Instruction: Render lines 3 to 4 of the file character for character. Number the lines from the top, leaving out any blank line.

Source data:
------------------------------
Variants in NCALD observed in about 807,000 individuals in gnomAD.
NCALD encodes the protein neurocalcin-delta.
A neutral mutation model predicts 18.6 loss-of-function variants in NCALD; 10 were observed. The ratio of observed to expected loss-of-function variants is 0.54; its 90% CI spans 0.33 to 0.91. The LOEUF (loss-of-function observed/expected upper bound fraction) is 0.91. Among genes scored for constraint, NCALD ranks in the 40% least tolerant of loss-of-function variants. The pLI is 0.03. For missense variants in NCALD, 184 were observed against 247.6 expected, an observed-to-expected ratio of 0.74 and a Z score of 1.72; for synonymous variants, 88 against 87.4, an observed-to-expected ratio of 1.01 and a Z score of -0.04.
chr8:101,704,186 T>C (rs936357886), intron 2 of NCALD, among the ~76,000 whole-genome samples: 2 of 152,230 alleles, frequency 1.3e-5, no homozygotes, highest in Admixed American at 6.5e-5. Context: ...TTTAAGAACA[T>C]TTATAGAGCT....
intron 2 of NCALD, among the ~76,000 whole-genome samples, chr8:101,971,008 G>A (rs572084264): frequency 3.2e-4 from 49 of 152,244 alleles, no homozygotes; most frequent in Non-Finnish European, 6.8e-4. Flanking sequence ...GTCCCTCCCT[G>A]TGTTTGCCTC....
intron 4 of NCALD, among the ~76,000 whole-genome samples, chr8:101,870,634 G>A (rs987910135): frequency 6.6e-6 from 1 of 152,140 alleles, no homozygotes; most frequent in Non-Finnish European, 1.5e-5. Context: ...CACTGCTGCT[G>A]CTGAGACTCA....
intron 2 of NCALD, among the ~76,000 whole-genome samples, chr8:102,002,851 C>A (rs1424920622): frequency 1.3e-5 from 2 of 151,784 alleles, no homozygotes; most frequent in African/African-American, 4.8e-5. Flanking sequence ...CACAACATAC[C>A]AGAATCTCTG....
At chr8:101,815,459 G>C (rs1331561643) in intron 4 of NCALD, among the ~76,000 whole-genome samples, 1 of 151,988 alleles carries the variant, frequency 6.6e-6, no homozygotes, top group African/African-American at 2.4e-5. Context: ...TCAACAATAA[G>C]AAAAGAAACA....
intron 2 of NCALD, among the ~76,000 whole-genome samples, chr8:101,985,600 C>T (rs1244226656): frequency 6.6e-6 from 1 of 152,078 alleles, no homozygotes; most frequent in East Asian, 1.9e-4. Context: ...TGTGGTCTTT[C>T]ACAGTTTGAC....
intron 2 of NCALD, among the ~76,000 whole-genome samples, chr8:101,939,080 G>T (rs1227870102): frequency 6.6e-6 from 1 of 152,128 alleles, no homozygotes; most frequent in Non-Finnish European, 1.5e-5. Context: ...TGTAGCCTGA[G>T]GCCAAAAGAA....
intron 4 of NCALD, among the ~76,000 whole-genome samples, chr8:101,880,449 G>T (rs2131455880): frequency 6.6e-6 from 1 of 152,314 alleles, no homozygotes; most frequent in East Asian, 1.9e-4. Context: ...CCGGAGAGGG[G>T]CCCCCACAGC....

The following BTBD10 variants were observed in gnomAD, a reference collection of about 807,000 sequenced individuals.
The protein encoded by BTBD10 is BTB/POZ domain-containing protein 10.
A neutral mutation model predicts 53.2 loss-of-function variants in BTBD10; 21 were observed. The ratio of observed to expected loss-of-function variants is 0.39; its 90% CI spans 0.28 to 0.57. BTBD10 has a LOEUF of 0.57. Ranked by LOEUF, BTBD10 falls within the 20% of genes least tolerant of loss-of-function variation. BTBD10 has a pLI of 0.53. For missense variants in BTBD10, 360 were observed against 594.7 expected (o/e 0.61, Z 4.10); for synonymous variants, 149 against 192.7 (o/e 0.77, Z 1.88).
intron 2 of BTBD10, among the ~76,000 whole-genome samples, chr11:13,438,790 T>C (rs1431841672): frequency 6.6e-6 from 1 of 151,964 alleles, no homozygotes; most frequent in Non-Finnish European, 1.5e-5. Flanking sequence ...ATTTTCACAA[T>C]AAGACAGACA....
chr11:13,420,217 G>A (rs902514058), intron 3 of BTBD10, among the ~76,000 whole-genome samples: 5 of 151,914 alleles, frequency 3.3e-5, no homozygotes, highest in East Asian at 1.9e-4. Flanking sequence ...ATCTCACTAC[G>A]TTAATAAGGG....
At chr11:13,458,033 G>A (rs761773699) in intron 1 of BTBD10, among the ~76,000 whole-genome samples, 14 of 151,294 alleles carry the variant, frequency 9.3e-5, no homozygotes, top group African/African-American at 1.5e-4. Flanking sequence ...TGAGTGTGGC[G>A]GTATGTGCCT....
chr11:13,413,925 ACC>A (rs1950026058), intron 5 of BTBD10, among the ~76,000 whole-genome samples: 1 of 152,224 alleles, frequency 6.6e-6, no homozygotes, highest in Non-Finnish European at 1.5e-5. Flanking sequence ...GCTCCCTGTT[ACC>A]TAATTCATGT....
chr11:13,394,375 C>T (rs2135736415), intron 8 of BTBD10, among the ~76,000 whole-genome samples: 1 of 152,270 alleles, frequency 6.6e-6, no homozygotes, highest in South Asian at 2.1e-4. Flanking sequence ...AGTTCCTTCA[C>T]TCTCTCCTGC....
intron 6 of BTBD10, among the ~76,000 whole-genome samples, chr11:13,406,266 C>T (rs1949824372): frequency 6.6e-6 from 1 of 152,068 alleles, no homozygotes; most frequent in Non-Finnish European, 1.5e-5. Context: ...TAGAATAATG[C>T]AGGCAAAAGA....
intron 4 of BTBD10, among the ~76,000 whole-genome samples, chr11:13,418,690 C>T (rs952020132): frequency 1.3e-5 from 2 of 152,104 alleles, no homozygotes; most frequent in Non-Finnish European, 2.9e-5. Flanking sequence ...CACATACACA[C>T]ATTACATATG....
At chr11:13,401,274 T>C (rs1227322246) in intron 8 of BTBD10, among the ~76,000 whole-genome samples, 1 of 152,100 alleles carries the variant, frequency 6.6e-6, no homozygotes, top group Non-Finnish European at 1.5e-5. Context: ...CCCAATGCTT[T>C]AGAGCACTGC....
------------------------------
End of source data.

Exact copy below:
A neutral mutation model predicts 18.6 loss-of-function variants in NCALD; 10 were observed. The ratio of observed to expected loss-of-function variants is 0.54; its 90% CI spans 0.33 to 0.91. The LOEUF (loss-of-function observed/expected upper bound fraction) is 0.91. Among genes scored for constraint, NCALD ranks in the 40% least tolerant of loss-of-function variants. The pLI is 0.03. For missense variants in NCALD, 184 were observed against 247.6 expected, an observed-to-expected ratio of 0.74 and a Z score of 1.72; for synonymous variants, 88 against 87.4, an observed-to-expected ratio of 1.01 and a Z score of -0.04.
chr8:101,704,186 T>C (rs936357886), intron 2 of NCALD, among the ~76,000 whole-genome samples: 2 of 152,230 alleles, frequency 1.3e-5, no homozygotes, highest in Admixed American at 6.5e-5. Context: ...TTTAAGAACA[T>C]TTATAGAGCT....